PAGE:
As far as installing Windows on a Macintosh and rebooting when you need to use Windows, this is also theoretically possible, but also requires enterprising third-parties. Apple has stated that they will not support it, but will also not block it. Normally, the manufacturer of Windows hardware provides special drivers that Windows needs. If Apple is not going to write these drivers (and they shouldn’t--they’re writing Mac OS X), someone else will have to.

Given how annoying dual-booting is--you’d have to reboot your computer every time you went from one operating system to another--I’m not sure how popular such software would be.

Shifting the focus of competition

While the geek in me is very pleased that Apple has created an elegantly CPU-independent operating system, I am also disappointed that we will no longer see an architecture-based competition between CPU designers. This competition has brought us some fascinating, useful, and powerful advances in chip design. It’s been exciting, for computer geeks, to wake up Christmas morning (in late June) and see the G5 specs waiting under the Apple tree.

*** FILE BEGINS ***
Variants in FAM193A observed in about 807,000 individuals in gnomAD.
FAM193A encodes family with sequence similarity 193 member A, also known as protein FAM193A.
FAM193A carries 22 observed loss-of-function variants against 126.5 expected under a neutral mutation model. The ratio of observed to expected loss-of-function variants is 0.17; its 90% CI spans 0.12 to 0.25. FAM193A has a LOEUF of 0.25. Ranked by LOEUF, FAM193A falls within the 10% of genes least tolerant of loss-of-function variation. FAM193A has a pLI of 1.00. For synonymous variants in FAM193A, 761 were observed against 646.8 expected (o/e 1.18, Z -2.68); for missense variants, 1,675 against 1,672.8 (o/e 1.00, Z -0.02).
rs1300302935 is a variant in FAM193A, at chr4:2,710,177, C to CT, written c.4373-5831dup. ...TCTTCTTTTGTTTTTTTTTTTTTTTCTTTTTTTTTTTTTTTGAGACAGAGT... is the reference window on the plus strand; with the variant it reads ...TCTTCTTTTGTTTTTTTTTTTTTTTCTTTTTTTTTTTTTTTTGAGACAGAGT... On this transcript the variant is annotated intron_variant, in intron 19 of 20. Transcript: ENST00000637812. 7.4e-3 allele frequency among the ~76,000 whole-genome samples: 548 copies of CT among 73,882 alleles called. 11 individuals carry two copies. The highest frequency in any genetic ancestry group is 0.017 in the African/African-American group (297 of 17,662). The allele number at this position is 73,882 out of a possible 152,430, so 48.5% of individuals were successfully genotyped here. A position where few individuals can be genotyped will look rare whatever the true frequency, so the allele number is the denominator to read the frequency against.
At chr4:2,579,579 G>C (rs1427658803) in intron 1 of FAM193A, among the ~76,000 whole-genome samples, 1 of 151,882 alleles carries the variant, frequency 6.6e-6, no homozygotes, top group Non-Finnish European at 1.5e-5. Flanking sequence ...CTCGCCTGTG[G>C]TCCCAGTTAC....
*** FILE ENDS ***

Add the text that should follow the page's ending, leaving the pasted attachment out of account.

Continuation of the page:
The problem is that while there was exciting competition between chip designers, there was no such competition between PowerPC manufacturers. So the designs have been powerful but advancement has stagnated. For Apple, every major increase in chip speed and design came because Apple got together with their partner, and the team designed a new chip to Apple’s needs. The PowerPC, the G3, the G4, and the G5 all promised to make Apple computers faster than anything else out there; and they all failed to live up to that promise. The initial design was powerful, but then a lack of competition caused speed increases to stagnate.

Meanwhile, in the Intel-compatible world, the competition between Intel-style chip manufacturers ensures that new Intel designs continually speed up. If Apple ever decides that Intel is slowing down, they just go to whoever is faster.

While teaming with other companies to design innovative computer chips meant that Apple could do great things, it also meant that they were reliant upon companies that did not necessarily share Apple’s vision. That Intel-style manufacturers don’t necessarily share Apple’s vision either doesn’t matter: as long as Windows computers still use Intel and as long as Windows is Apple’s competition, Apple’s chips, while they may not be faster than the competition, will also not be slower. And if Intel, AMD, and every other Intel-style manufacturer stop innovating, then Windows will slow just as much as the Mac OS will.

But this does likely mean that CPU innovation will slow down. Innovation in new chip designs has come from cross-CPU competition.